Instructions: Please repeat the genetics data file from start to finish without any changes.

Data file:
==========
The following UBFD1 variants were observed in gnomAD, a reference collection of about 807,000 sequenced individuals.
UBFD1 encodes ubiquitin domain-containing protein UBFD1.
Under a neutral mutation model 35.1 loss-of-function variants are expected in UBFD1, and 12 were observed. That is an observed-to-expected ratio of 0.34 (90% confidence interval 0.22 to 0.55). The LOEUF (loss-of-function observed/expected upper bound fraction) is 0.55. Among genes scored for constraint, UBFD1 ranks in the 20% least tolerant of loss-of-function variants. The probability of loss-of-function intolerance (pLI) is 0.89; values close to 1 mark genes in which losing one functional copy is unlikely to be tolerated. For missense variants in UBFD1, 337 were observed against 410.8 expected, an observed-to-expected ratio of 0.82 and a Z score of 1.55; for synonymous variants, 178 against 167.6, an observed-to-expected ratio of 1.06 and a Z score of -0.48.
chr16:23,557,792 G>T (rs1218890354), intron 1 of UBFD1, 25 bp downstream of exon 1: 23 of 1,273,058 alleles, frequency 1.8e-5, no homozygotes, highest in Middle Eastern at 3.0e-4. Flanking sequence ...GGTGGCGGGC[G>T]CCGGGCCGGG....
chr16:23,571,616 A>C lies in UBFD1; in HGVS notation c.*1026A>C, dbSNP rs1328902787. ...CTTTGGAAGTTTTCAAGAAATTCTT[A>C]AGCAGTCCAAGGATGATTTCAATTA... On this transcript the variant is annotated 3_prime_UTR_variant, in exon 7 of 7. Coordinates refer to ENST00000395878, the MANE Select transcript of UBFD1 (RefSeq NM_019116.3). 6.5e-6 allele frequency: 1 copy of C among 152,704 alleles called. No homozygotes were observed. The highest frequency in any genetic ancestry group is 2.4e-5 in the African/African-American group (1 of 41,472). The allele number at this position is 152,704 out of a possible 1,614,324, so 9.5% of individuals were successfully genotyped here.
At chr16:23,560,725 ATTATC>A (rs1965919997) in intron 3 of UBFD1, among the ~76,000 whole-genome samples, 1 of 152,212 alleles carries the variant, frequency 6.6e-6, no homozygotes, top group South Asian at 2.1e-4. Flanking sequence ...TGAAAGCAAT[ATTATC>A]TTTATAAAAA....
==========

The following UBFD1 variants were observed in gnomAD, a reference collection of about 807,000 sequenced individuals.
UBFD1 encodes ubiquitin domain-containing protein UBFD1.
Under a neutral mutation model 35.1 loss-of-function variants are expected in UBFD1, and 12 were observed. That is an observed-to-expected ratio of 0.34 (90% confidence interval 0.22 to 0.55). The LOEUF (loss-of-function observed/expected upper bound fraction) is 0.55. Among genes scored for constraint, UBFD1 ranks in the 20% least tolerant of loss-of-function variants. The probability of loss-of-function intolerance (pLI) is 0.89; values close to 1 mark genes in which losing one functional copy is unlikely to be tolerated. For missense variants in UBFD1, 337 were observed against 410.8 expected, an observed-to-expected ratio of 0.82 and a Z score of 1.55; for synonymous variants, 178 against 167.6, an observed-to-expected ratio of 1.06 and a Z score of -0.48.
chr16:23,557,792 G>T (rs1218890354), intron 1 of UBFD1, 25 bp downstream of exon 1: 23 of 1,273,058 alleles, frequency 1.8e-5, no homozygotes, highest in Middle Eastern at 3.0e-4. Flanking sequence ...GGTGGCGGGC[G>T]CCGGGCCGGG....
chr16:23,571,616 A>C lies in UBFD1; in HGVS notation c.*1026A>C, dbSNP rs1328902787. ...CTTTGGAAGTTTTCAAGAAATTCTT[A>C]AGCAGTCCAAGGATGATTTCAATTA... On this transcript the variant is annotated 3_prime_UTR_variant, in exon 7 of 7. Coordinates refer to ENST00000395878, the MANE Select transcript of UBFD1 (RefSeq NM_019116.3). 6.5e-6 allele frequency: 1 copy of C among 152,704 alleles called. No homozygotes were observed. The highest frequency in any genetic ancestry group is 2.4e-5 in the African/African-American group (1 of 41,472). The allele number at this position is 152,704 out of a possible 1,614,324, so 9.5% of individuals were successfully genotyped here.
At chr16:23,560,725 ATTATC>A (rs1965919997) in intron 3 of UBFD1, among the ~76,000 whole-genome samples, 1 of 152,212 alleles carries the variant, frequency 6.6e-6, no homozygotes, top group South Asian at 2.1e-4. Flanking sequence ...TGAAAGCAAT[ATTATC>A]TTTATAAAAA....